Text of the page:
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Thursday, 24 March 2016


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I first learned of Shawn on The Candid Frame podcast. It's a good interview, if you want to learn more about him...


Hobbit reference , by Gandalf?

Are you sure?

[No, *I'm* Gandalf. The reference is to Gollum. At least I hope I'm not Gollum. --Mike, who played Gandalf in his one and only theatrical experience in 7th grade]

It's interesting to me that Mr. Theodore's work is labeled as portraits. With only a few exceptions in the work displayed at the link in the article, I learned nothing about the subjects. This may certainly be generational (I'm 68 yrs old). When I view a portrait I usually reach a conclusion of some kind about the subject, e.g. bold, frail, young, old, haughty, confident, playful; you get the idea. The conclusion is drawn from the eyes, features, expression and setting. I can't see any of those details, other than setting, in the work. As I said, probably generational; I may just not be hip enough to get it. Regardless, I like the design and composition and would look at more of his work.

[I would say the work comes first, and the label is just shorthand to help orient people in open space. Once seen you can see pretty quickly what it is and isn't. But the description never has primacy, the thing does. --Mike]

Both excellent "finds", Mike! Shawn's work is very much in the vein of the hot, vivid color works of Constantine Manos and Alex Webb. It sizzles. It sweats.

Chris's work is, to my eyes, simultaneously very British (in its style of observation) while also being very much unto itself. I find his "The Corners" work particularly good at quietly orchestrating scenes-within-scenes to present such day-in-the-life, yet opinionated, views of London's regular neighborhood life. That "watery color" effect is very effective at capturing that gauzy thin overcast so characteristic of England. (I enjoyed reading this interview with him.)

While Shawn and Chris might seem to be photographic polar opposites they're actually sharing three-legged pants in my book. They're both aggressively using color to communicate with their photographs. Indeed, their photographs wouldn't work nearly so well in monochrome, would they?

I'm in my mid-seventies and Shawn Theodore's work fits my criteria of show me something different. They don't fit the mold of insipid PPA style portraits — and to me that's a good thing.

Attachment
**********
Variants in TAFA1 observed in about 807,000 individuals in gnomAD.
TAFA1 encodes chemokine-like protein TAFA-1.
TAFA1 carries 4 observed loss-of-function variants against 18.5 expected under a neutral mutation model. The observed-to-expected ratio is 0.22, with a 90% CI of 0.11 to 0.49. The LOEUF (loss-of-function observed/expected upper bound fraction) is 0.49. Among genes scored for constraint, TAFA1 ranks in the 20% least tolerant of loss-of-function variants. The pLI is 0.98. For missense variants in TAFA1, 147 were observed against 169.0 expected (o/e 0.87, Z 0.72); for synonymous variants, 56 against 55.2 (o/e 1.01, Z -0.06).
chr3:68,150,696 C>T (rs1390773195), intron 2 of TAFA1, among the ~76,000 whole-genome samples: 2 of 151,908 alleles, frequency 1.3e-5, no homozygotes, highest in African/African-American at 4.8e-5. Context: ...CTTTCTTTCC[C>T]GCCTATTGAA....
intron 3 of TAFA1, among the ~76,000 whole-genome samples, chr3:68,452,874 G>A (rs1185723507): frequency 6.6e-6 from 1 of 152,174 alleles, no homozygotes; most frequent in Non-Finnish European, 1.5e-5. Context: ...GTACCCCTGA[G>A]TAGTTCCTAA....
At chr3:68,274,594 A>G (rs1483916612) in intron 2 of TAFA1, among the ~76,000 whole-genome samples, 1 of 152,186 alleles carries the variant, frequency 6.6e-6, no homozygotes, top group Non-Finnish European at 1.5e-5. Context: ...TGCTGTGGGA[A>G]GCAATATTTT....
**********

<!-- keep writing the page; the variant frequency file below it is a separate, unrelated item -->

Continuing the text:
Woody Allen once said he loved shooting in London because the diffused light created gentle shadows and soft tones.

I guess that's another way of saying 'watery' but London typically has a light hazy overcast which acts like a soft-box - allowing enough light to give foreground illumination without harsh shadows or backlight. It's slightly flat, but easy to work with, as Chris' image demonstrates.

Shawn Theodore's shots are strongly graphic - almost like poster prints. Highly structured with blocked, contrasting colours. Very deliberate and selective.

Interesting in both cases and both bookmarked. That's why we love TOP...

You might want to link to the 500px-website of Chris Dorley-Brown: http://chris3.500px.com/

Japan for me has the most beautiful light (and people). I travel a bit, but always find the combination of light and people in Japan the most harmonious combination, clean, bright and gentle, but brilliant.
Examples are on my site (sorry about the blatant plug!) in the "A Song for Sunday" gallery.
The pictures are always more effective than words.

When I first encountered Theodore's pictures, my immediate reaction was "Pete Turner" with a hint of Eric Meola.

When I first encountered Dorley-Brown's pictures, my immediate reaction was "Joel Meyerowitz" and his Cape Light and Tuscany pictures.

These reactions / observations are not meant to be criticisms but if I were to be writing a critique of Dorley-Brown / Theodore's work (I was a regional photo critic for the original New Art Examiner), it would most likely begin with a mention of the aforementioned pioneers of color photography who, in essence, laid the table for those who followed.

Again, not as a criticism of D-B / T, s but rather as a perspective on the history of the medium and genre in which they work.

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